Reader Dad – Book Reviews

Dark Crime and Speculative Fiction book reviews

UNTIL THY WRATH BE PAST by Åsa Larsson

UNTIL THY WRATH BE PAST

Åsa Larsson

Translated by Laurie Thompson

MacLehose Press (www.maclehosepress.com)

£12.99

Released: 4th August 2011

 

In the early spring thaw, the body of a young woman is discovered floating in the river Torne, in the northern extremes of Sweden. It doesn’t take long for police to discover that it’s the body of Wilma Persson, who went missing along with her boyfriend during the depths of winter late the previous year. Unable to accept the obvious explanation – that the couple died accidentally while diving – District Prosecutor Rebecka Martinsson and Police Inspector Anna-Maria Mella ruffle feathers in an attempt to get to the truth and bring the couple’s murderer to justice.

Until Thy Wrath Be Past – the title comes from a quotation from the Book of Job – is Larsson’s third novel featuring the troubled Prosecutor who is adjusting to life above the Arctic Circle in the Swedish city of Kiruna. It’s a straightforward police procedural where the identity of Wilma Persson’s murderer is never in question, not least to the investigators at the centre of the novel. Even so, it is oddly gripping, driven to a large extent by the why rather than the who or the how of many traditional crime novels.

Martinsson and Mella – presumably there is a reason the latter is not included in the series title – are a pair of down-to-earth women. Martinsson is readjusting to life in the quiet city of Kiruna after time spent living and working in Stockholm. She’s recently been released from a psychiatric hospital following a breakdown brought on by one of her previous cases and trying – with varying degrees of success – to get back to a normal way of life. Mella is the tough-as-nails, break-all-the-rules detective with a stable family life – a loving husband and four children keep her busy out of hours. The biggest problem with taking Wrath as your starting point for this series – as I have done – is that you miss a lot of the interpersonal dynamics. This is a standalone case which is completely self-contained within the covers of the book, at least in terms of the main plot. But there is two books’ worth of history here that define these people and how they interact with one another. It would be impossible to write the novel without some reference to what has gone before, but it can be frustrating for the first-time visitor to this part of the world. I’d recommend considering The Savage Altar as a starting point and working your way forward.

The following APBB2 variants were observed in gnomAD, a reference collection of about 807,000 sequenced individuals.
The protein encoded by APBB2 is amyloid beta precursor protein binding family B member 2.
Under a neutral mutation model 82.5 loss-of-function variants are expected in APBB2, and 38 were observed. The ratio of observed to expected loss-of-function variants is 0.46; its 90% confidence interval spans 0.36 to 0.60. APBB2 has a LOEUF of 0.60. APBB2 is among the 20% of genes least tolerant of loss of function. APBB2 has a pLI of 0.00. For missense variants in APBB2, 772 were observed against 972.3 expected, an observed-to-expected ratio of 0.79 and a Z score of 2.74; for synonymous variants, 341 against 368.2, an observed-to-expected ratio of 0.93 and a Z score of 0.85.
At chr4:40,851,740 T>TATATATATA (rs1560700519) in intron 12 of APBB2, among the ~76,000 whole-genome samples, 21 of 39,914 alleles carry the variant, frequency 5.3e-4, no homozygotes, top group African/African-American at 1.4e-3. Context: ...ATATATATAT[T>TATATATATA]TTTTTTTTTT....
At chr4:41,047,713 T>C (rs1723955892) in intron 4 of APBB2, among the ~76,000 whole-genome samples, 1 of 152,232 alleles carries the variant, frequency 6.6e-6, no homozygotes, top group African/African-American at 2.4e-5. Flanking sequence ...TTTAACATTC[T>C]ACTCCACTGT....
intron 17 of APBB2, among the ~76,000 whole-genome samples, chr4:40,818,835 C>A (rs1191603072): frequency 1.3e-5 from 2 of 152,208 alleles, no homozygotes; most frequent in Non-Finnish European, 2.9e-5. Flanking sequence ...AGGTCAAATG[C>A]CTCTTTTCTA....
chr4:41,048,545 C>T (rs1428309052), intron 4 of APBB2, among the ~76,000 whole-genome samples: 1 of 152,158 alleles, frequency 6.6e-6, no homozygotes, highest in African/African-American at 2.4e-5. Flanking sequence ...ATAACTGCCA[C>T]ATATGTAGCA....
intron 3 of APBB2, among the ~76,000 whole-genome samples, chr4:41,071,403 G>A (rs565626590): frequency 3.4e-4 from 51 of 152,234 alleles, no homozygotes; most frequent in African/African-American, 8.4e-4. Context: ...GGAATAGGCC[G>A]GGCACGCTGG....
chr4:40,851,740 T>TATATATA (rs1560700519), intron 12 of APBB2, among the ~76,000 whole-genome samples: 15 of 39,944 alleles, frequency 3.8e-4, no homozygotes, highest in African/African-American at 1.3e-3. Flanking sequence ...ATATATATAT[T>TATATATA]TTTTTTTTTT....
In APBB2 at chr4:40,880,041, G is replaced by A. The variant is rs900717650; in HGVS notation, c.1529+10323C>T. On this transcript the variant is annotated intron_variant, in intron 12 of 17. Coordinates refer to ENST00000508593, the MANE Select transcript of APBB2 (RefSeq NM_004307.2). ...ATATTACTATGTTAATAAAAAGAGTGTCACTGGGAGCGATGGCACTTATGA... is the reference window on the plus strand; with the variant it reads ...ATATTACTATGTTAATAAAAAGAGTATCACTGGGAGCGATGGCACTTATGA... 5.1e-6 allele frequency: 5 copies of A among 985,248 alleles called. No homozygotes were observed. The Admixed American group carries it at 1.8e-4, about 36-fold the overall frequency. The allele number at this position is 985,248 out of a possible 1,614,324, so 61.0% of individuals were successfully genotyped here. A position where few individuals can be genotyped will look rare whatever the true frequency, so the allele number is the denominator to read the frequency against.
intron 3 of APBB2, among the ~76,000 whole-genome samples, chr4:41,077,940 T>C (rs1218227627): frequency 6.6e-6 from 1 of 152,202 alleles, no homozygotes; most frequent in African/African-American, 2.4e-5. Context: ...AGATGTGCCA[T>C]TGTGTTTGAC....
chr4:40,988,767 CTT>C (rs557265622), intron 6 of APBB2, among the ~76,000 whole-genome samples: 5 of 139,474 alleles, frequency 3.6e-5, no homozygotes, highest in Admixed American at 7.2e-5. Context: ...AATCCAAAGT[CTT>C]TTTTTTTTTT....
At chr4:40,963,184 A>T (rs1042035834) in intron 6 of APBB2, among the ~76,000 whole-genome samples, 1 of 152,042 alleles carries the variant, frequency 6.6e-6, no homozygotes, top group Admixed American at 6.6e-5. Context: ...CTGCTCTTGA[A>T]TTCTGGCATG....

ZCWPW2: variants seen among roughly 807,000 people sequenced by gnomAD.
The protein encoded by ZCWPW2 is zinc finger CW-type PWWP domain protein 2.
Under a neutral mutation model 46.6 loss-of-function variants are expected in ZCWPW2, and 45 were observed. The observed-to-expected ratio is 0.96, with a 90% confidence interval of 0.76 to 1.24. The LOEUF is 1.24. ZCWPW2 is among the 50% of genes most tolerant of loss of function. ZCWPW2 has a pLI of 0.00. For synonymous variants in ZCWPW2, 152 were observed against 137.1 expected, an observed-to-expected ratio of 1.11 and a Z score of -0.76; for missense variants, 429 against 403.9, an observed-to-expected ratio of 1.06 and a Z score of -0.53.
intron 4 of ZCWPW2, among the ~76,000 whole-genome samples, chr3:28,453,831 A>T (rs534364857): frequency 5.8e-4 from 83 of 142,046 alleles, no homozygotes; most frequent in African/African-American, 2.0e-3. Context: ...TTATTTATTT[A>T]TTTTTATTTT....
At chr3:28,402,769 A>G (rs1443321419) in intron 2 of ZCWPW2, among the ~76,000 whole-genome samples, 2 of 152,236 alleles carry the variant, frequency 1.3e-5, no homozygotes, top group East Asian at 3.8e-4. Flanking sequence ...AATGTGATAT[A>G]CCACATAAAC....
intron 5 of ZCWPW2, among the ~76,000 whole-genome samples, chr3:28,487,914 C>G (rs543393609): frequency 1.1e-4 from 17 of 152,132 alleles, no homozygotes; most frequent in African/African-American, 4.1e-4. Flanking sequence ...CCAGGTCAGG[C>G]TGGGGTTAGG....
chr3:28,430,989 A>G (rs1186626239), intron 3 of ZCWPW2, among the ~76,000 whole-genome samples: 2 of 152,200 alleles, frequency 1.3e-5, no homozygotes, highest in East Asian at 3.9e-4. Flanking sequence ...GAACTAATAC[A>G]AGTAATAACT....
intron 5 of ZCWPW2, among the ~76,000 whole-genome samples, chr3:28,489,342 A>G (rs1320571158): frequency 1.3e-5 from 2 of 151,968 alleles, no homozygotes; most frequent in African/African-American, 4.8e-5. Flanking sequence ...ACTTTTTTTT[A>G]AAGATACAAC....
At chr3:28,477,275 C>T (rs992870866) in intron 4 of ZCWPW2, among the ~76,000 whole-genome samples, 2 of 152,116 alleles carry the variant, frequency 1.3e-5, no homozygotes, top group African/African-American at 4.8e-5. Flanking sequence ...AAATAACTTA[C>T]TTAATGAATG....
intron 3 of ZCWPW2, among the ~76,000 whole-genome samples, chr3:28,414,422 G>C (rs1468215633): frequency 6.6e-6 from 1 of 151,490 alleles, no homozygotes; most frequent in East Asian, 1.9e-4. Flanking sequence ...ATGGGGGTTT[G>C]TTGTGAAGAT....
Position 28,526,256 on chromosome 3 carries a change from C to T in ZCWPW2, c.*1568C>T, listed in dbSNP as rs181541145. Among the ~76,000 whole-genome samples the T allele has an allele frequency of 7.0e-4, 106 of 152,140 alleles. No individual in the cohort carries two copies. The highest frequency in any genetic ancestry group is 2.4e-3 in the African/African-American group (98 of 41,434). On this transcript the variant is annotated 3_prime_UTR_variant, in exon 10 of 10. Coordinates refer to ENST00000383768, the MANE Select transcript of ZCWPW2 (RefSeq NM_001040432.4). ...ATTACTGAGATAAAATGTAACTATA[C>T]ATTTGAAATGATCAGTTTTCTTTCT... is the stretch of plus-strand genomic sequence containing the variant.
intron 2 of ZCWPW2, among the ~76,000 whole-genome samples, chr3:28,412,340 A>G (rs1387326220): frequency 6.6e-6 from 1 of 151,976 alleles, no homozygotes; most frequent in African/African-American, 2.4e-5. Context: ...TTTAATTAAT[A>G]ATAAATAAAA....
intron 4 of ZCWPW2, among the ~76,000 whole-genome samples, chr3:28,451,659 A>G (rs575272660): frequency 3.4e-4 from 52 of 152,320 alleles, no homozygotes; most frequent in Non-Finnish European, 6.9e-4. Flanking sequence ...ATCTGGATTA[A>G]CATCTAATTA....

Around half of the novel is told from the point of view of the victim. The opening chapter describes the dive and the drowning and is expertly written: told in the first person, it will leave you short of breath and eager for more. Wilma appears to Martinsson early in the novel to provide assistance – an act which Martinsson remembers as a dream. There is a touch of Alice Sebold’s The Lovely Bones in the handling of Wilma’s story and a kinship with John Connolly’s Charlie Parker novels – this is a human drama that straddles the line between crime and supernatural “horror”.

There is something distinctly Swedish – unpronounceable names, of which there are many, aside – about how Larsson tells her story, something laid-back about her prose that reminds me of the first time I read Henning Mankell, which would be the best comparison I could come up with should someone ask the question “who is she like?” While Larsson’s Kiruna and Mankell’s Ystad could not be farther apart and still be in the same country – Ystad sits serenely on the south coast while Kiruna rests in the triangle where the borders of Sweden, Finland and Norway meet – they could not be more similar: there’s something positively rural about both places, and much of the police work seems to take place outside of the city proper while still falling under the purview of the city’s police force. Larsson’s sense of place is well-defined, and Kiruna and its surroundings come alive within the pages of the book.

In the ever-growing pantheon of Scandinavian crime fiction, it is sometimes difficult to sort the wheat from the chaff. Based on Until Thy Wrath Be Past, Åsa Larsson is definitely worth your time and attention. I suspect that as the series grows, so will this writer’s reputation until it’s Åsa that people think about when they hear the name Larsson. This is an absolute must-read for fans of the Wallander novels in particular and anyone who enjoys Scandi-crime in general.

August 2, 2011 Posted by | Crime Fiction, Scandinavian | , , , , , , , , , , , | 3 Comments

   

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